Sunday, August 26, 2012

Well, the conference of the Non-Aligned Movement is coming up. It's being held in Iran, and it's going to be a hoot. First, the whole idea of the NAM is a Cold War relic, a pro-Soviet farce, if I may be so bold. Naturally, the UN Secretary General will be attending, a happy guest of the mullahs and Ol' Squinty. Finally, Doctor-of-Holocaust-Denial Abbas is all upset, as the Hamas Prime Minister has been invited to attend on behalf of the fictional state of "Palestine," which, natch, is a long-standing member of the NAM. Abbas would like you to know, echoing the hackneyed official UN phrase from many decades back, that "the PLO [remember them?] is the sole legitimate representative of the Palestinian people." (Oh, we rightists used to hate that line. Now that the alternative is Hamas...)

Well, technically, he's correct, as I assume that in usual international bureaucratic fashion, the UN has never actually repealed or amended that resolution. But Abbas seems to have forgotten that he's not only the head of Fatah and the PLO, but of the Palestinian Authority and the aforementioned "state." (This is forgivable, as the actual differences between any of these, at least on the West Bank, are minimal to nonexistent.) I imagine they thought they were being clever (or at least doing what was required) when they had themselves admitted to all these international organizations as a state and not an organization. Now that he has no real legitimate authority, Abbas has decided to time travel back to 1964. That sound? The world's smallest violin.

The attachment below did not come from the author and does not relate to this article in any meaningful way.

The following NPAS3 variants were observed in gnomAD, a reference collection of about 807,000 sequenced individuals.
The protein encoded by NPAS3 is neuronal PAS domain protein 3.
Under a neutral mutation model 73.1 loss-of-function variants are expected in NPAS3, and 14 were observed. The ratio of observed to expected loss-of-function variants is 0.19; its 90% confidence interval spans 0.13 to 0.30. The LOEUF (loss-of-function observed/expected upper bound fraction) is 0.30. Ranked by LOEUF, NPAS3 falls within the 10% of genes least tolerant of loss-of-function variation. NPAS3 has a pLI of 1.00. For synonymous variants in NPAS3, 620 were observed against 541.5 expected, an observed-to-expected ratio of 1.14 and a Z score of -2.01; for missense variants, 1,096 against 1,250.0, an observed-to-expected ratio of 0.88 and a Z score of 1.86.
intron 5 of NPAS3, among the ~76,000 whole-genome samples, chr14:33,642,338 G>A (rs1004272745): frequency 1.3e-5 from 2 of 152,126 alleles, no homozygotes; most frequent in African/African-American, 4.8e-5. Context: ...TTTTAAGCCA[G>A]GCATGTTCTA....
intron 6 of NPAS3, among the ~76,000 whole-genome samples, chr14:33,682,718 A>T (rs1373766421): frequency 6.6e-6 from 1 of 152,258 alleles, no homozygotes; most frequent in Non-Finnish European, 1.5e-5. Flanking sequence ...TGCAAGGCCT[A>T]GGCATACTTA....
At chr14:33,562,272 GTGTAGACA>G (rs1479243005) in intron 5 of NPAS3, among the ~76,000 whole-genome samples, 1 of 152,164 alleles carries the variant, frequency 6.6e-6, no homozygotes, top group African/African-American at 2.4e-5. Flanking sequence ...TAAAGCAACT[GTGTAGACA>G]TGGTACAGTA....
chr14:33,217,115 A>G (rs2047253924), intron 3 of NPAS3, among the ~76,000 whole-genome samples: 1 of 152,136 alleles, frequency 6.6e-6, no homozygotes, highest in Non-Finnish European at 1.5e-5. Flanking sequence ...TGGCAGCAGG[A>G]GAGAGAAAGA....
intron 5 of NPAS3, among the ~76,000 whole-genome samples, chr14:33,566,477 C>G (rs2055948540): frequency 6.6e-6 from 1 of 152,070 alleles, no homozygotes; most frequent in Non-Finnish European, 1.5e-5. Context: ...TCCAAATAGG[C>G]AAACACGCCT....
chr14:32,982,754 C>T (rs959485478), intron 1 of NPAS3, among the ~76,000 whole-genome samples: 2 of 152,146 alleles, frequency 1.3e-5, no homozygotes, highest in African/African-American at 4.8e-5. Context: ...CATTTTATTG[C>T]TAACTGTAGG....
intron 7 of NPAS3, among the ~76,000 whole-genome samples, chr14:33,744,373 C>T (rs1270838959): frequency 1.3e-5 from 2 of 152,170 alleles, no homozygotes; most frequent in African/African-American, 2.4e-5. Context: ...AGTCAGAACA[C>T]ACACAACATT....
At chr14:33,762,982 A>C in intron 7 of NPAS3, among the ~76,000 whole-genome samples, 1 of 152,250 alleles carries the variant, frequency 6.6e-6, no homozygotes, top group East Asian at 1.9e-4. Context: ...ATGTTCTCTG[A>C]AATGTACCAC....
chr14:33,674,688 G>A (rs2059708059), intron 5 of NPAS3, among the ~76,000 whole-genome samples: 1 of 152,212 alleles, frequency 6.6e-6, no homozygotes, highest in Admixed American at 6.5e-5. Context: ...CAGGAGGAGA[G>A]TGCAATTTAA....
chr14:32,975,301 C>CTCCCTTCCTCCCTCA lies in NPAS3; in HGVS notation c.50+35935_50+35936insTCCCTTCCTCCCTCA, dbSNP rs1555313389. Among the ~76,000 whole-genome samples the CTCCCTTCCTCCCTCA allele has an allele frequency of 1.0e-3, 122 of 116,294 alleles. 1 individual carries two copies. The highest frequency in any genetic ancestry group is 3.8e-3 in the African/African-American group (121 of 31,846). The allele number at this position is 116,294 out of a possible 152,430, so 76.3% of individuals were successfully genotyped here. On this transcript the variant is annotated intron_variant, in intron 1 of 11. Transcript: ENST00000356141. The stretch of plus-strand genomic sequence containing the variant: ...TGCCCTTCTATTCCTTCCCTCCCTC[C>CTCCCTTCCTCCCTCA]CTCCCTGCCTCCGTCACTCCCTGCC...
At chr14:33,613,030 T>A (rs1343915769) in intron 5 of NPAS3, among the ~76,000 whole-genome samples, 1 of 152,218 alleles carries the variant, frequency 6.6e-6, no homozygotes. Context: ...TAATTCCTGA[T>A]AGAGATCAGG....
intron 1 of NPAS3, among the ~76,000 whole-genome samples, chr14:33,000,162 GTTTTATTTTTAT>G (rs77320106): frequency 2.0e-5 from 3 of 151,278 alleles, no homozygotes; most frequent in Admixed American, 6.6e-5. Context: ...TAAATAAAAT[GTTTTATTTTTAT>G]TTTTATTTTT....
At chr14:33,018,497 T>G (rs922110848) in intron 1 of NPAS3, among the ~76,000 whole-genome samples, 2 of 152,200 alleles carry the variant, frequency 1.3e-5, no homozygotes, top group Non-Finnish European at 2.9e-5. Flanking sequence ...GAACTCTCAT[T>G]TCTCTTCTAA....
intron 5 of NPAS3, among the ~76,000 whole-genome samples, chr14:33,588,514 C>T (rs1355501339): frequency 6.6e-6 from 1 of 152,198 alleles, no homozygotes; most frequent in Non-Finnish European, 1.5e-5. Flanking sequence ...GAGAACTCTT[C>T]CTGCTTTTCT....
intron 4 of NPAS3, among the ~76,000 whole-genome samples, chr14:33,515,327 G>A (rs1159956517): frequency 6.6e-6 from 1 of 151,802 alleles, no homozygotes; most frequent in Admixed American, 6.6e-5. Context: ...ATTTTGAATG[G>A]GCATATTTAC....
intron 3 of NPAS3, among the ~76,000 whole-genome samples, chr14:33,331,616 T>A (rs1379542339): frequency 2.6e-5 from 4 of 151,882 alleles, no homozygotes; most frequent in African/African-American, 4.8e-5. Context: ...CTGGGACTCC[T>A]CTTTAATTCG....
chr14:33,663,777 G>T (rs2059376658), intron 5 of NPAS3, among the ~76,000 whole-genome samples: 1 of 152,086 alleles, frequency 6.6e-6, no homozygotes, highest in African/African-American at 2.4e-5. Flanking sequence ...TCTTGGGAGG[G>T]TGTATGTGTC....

My cousin Zev Eleff has a very good piece up at Jewish Action. One line, though, struck my eye: After describing Abraham Karp's research for his famous article about New York's attempt to have a chief rabbi, Zev writes that the papers Karp used subsequently disappeared.

This fed into a silly idea I once had: It seemed to me that every single mention of the chief rabbi debacle in any scholarly article referenced Karp's piece, and only Karp's piece. It led to my wondering whether it was possible that Karp made the whole thing up. Impossible, I know: There has to be other evidence out there. I know, on a logical basis, that I have to be wrong and, as I said, the idea is silly. But that almost throwaway comment in the Eleff article doesn't make it any easier to concede to the logic. :-)

Sunday, August 12, 2012

Random thought

This may have occurred to me before, but I noticed something interesting when saying Maariv Friday night: Hashkivenu lists "plague, sword, famine" among the things we ask to have prevented. I wonder if there's any connection, direct or not, to the fact that that's (according to some readings) three of the Four Horsemen of the Apocalypse.